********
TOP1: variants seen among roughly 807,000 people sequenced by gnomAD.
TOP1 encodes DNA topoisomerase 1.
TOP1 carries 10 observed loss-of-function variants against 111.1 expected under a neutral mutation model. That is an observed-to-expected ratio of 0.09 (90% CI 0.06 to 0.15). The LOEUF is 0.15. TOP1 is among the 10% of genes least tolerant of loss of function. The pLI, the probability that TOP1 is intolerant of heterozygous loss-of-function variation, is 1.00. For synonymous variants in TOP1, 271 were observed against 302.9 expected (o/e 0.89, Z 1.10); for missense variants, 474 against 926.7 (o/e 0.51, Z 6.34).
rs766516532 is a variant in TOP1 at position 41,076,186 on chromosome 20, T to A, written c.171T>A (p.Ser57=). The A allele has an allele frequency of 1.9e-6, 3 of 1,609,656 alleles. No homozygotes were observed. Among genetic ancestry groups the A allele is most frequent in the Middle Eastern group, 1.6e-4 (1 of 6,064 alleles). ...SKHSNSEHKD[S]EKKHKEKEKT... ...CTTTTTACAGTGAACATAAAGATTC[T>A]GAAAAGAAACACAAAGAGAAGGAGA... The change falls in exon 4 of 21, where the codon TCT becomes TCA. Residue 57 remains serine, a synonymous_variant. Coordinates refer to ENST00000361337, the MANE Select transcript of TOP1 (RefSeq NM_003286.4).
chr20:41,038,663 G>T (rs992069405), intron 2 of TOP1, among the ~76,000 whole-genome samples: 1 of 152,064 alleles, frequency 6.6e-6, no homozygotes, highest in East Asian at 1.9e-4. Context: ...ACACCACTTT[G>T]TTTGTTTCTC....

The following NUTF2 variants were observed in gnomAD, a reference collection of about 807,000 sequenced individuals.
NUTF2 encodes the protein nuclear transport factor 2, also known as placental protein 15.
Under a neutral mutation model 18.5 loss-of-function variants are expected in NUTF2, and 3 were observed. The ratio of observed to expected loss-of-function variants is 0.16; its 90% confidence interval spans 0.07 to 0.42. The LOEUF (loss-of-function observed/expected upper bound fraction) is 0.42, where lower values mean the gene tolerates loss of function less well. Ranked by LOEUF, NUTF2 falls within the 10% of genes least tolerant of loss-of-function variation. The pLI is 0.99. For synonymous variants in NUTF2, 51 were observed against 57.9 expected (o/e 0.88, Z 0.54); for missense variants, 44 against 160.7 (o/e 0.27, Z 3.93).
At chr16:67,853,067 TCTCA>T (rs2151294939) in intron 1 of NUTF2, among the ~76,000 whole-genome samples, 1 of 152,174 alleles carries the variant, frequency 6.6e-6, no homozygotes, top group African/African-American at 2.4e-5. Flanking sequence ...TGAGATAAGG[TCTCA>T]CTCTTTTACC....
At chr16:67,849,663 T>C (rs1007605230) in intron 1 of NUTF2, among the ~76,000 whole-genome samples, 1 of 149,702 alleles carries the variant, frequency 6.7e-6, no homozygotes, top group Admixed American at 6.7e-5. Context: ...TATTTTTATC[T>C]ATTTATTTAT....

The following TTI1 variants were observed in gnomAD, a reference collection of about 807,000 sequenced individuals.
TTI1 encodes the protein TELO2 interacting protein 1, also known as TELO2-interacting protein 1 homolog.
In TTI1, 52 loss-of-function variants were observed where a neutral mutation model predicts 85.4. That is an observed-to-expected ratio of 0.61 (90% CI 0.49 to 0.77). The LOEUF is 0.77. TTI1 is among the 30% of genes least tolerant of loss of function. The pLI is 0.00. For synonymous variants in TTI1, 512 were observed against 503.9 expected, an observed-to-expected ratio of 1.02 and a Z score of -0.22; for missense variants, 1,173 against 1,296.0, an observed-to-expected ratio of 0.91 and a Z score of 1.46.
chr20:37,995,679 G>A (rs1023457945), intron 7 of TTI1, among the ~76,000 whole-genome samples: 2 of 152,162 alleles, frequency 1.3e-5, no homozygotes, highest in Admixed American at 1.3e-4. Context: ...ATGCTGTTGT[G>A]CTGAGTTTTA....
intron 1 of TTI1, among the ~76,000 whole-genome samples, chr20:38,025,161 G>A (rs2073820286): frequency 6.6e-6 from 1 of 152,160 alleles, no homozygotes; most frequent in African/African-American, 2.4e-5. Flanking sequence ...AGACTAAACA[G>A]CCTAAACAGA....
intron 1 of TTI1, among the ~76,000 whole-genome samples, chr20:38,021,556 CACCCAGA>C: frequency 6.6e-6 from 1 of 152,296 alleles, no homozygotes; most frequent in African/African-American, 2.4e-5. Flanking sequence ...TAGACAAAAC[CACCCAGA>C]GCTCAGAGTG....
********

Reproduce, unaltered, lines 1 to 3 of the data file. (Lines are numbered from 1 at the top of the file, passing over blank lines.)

TOP1: variants seen among roughly 807,000 people sequenced by gnomAD.
TOP1 encodes DNA topoisomerase 1.
TOP1 carries 10 observed loss-of-function variants against 111.1 expected under a neutral mutation model. That is an observed-to-expected ratio of 0.09 (90% CI 0.06 to 0.15). The LOEUF is 0.15. TOP1 is among the 10% of genes least tolerant of loss of function. The pLI, the probability that TOP1 is intolerant of heterozygous loss-of-function variation, is 1.00. For synonymous variants in TOP1, 271 were observed against 302.9 expected (o/e 0.89, Z 1.10); for missense variants, 474 against 926.7 (o/e 0.51, Z 6.34).